iv. Debtor Subclass

All natural persons in the United States of America and its territories who received demands for payment from Quest or its outside debt collectors since September 3, 1998, or since September 3, 2003, for FDCPA violations, which demands for payment did any of the following: i) added fees or charges to the debt; ii) made threats the collector was either not authorized and/or not intending to pursue; iii) falsely representing that debts were owed; iv) representing that minors were personally responsible to pay debts.

Plaintiffs propose two methods to identify members of the Subclasses. Under Plaintiffs' proposed plan, Defendants would first be required to review their available records to identify members of the Rule 23(b)(2) and Rule 23(b)(3) Subclasses. Then, upon a finding of liability, Subclass members would be permitted to submit a claim form with supporting documentation entitling them to relief. A claims process, following notice, would be used to adjudicate those claims.

II. FACTS

In this case, Plaintiffs are challenging Quest's billing procedures. Quest is the nation's leading provider of diagnostic and clinical testing. Quest performs these diagnostic and clinical testing services upon the orders of physicians, physicians assistants, and registered nurses. (Declaration of Dr. Hugh Long, (" Long Dec." ) at 9.) Specimens are either obtained by physicians and sent to Quest for testing, or the patient is sent " ‘ to a Quest Diagnostic Patient Service Center with an order to have the specimen drawn.’ " (Declaration of Thomas McGuire filed in support of Plaintiff's motion (" McGuire Dec." ) at 31, ¶ 38) (quoting " Assurance of Discontinuance," issued in In re Quest Diagnostics, Inc., Attorney General of the State of New York, June 13, 2002 (" AOD" )). Physicians order the tests in writing, using either Quest's test requisition form, or the physician's prescription pad. ( Id. ) If the patient goes to a Quest Service Center, Quest obtains the patient's personal and billing information directly from the patient. ( Id. )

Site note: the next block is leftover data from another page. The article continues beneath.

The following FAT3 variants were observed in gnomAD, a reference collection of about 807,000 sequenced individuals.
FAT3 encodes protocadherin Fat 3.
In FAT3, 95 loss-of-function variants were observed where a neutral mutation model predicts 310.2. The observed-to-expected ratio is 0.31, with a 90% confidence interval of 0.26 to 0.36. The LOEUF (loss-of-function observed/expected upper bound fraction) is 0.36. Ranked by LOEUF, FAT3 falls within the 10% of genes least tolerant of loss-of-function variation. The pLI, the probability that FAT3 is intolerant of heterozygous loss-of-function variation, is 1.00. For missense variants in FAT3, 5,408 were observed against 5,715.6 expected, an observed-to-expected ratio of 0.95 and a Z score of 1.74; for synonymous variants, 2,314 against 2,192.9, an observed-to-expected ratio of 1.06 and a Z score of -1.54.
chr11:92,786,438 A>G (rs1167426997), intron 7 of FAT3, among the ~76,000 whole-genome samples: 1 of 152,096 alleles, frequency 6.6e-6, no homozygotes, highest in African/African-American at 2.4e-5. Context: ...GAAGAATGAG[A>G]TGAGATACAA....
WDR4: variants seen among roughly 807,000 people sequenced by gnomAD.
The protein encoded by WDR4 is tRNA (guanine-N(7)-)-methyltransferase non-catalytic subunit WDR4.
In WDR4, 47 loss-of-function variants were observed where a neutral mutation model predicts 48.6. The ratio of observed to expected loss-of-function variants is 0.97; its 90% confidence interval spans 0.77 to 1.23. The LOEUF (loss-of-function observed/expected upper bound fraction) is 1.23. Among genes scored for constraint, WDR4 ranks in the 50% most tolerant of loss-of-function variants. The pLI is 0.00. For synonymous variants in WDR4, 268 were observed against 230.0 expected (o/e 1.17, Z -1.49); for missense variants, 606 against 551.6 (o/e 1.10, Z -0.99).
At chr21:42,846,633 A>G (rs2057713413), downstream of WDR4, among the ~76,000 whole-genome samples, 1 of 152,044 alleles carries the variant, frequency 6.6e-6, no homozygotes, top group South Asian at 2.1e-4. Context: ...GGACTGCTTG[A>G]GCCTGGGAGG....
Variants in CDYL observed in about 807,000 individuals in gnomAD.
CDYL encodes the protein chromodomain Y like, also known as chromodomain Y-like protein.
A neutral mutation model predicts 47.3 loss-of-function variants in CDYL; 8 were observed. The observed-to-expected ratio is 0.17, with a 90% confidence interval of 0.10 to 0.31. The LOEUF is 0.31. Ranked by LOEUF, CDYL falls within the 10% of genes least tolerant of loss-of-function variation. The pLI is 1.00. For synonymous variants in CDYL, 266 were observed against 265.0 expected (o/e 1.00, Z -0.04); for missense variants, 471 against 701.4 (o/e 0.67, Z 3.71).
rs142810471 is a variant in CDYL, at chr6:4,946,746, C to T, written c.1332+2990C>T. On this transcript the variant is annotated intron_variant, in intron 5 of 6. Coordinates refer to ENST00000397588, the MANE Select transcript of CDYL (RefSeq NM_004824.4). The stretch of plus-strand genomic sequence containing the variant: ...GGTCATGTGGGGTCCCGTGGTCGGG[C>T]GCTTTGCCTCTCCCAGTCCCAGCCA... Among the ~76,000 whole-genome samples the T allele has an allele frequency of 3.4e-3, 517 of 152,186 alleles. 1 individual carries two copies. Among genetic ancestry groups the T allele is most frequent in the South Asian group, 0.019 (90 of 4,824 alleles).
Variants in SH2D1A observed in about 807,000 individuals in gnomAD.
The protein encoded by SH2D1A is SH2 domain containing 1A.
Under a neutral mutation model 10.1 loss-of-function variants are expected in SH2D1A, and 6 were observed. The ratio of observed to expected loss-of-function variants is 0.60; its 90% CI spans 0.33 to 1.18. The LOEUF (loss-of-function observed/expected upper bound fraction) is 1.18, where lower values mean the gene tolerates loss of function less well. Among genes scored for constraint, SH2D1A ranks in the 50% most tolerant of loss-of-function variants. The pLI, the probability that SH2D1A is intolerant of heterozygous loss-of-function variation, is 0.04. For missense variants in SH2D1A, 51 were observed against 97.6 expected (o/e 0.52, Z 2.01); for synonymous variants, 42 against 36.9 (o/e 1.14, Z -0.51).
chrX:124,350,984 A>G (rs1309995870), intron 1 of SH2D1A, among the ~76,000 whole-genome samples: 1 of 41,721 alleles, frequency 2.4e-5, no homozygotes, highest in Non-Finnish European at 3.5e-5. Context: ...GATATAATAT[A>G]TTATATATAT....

As stated above, Plaintiffs' claims challenge the billing practices of Quest and the Debt Collection Defendants as improper and unconscionable. The named Plaintiffs assert that they " represent a cross-section of consumers injured by the Defendants' billing and collection practices." (Plaintiffs Brief at 14.) Some of the named Plaintiffs have private health insurance plans, while others are covered by Medicare Part B.

In addressing the motion to dismiss, Judge Lifland summarized Plaintiffs' claims as follows:

In the Complaint, Plaintiffs allege that the Defendants injured the Plaintiffs and the Class in three ways: (1) by subjecting Plaintiffs to " Defendants unlawful and repetitive demands to pay debts for laboratory testing not owed or in amounts above the actual amount owed" ; (2) by forcing

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the Plaintiffs " to endure deceptive, misleading, abusive and fraudulent debt collection practices and threats to their credit ratings, records, scores and reports; and (3) by demanding and collecting monies from ‘ some Plaintiffs and many class members ... that were not owed or in amounts above the amount owed[.]’ "

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Plaintiffs specifically...